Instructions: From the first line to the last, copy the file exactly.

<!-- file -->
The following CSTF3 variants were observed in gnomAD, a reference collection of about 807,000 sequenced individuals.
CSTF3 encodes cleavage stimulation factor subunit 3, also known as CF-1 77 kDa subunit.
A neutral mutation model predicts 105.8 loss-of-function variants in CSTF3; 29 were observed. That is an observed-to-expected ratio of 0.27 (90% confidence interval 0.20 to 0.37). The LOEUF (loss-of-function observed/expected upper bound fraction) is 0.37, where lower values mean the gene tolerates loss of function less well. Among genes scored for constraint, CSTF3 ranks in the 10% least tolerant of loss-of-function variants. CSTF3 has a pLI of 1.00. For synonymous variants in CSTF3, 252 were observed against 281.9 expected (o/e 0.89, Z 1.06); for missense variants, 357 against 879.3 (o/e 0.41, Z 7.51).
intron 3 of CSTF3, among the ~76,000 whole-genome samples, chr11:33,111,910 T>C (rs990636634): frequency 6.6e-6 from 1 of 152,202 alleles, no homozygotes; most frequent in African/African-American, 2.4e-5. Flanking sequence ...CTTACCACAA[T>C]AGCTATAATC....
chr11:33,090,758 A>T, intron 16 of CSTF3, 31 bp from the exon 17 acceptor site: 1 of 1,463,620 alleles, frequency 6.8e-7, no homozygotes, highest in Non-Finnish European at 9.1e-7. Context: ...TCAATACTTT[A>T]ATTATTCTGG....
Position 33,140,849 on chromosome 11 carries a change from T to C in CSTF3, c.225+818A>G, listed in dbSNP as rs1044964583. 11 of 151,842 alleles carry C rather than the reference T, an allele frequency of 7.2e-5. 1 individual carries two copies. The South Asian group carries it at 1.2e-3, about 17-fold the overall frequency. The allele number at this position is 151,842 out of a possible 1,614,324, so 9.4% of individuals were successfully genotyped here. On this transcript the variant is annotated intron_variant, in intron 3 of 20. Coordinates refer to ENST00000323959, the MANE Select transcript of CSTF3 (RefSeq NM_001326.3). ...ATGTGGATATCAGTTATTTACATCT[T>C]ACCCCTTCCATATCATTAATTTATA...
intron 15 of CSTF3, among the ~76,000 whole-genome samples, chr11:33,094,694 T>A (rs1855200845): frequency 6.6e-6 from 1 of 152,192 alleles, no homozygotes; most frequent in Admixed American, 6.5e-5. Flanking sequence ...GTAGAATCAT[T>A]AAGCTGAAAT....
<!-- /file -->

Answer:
The following CSTF3 variants were observed in gnomAD, a reference collection of about 807,000 sequenced individuals.
CSTF3 encodes cleavage stimulation factor subunit 3, also known as CF-1 77 kDa subunit.
A neutral mutation model predicts 105.8 loss-of-function variants in CSTF3; 29 were observed. That is an observed-to-expected ratio of 0.27 (90% confidence interval 0.20 to 0.37). The LOEUF (loss-of-function observed/expected upper bound fraction) is 0.37, where lower values mean the gene tolerates loss of function less well. Among genes scored for constraint, CSTF3 ranks in the 10% least tolerant of loss-of-function variants. CSTF3 has a pLI of 1.00. For synonymous variants in CSTF3, 252 were observed against 281.9 expected (o/e 0.89, Z 1.06); for missense variants, 357 against 879.3 (o/e 0.41, Z 7.51).
intron 3 of CSTF3, among the ~76,000 whole-genome samples, chr11:33,111,910 T>C (rs990636634): frequency 6.6e-6 from 1 of 152,202 alleles, no homozygotes; most frequent in African/African-American, 2.4e-5. Flanking sequence ...CTTACCACAA[T>C]AGCTATAATC....
chr11:33,090,758 A>T, intron 16 of CSTF3, 31 bp from the exon 17 acceptor site: 1 of 1,463,620 alleles, frequency 6.8e-7, no homozygotes, highest in Non-Finnish European at 9.1e-7. Context: ...TCAATACTTT[A>T]ATTATTCTGG....
Position 33,140,849 on chromosome 11 carries a change from T to C in CSTF3, c.225+818A>G, listed in dbSNP as rs1044964583. 11 of 151,842 alleles carry C rather than the reference T, an allele frequency of 7.2e-5. 1 individual carries two copies. The South Asian group carries it at 1.2e-3, about 17-fold the overall frequency. The allele number at this position is 151,842 out of a possible 1,614,324, so 9.4% of individuals were successfully genotyped here. On this transcript the variant is annotated intron_variant, in intron 3 of 20. Coordinates refer to ENST00000323959, the MANE Select transcript of CSTF3 (RefSeq NM_001326.3). ...ATGTGGATATCAGTTATTTACATCT[T>C]ACCCCTTCCATATCATTAATTTATA...
intron 15 of CSTF3, among the ~76,000 whole-genome samples, chr11:33,094,694 T>A (rs1855200845): frequency 6.6e-6 from 1 of 152,192 alleles, no homozygotes; most frequent in Admixed American, 6.5e-5. Flanking sequence ...GTAGAATCAT[T>A]AAGCTGAAAT....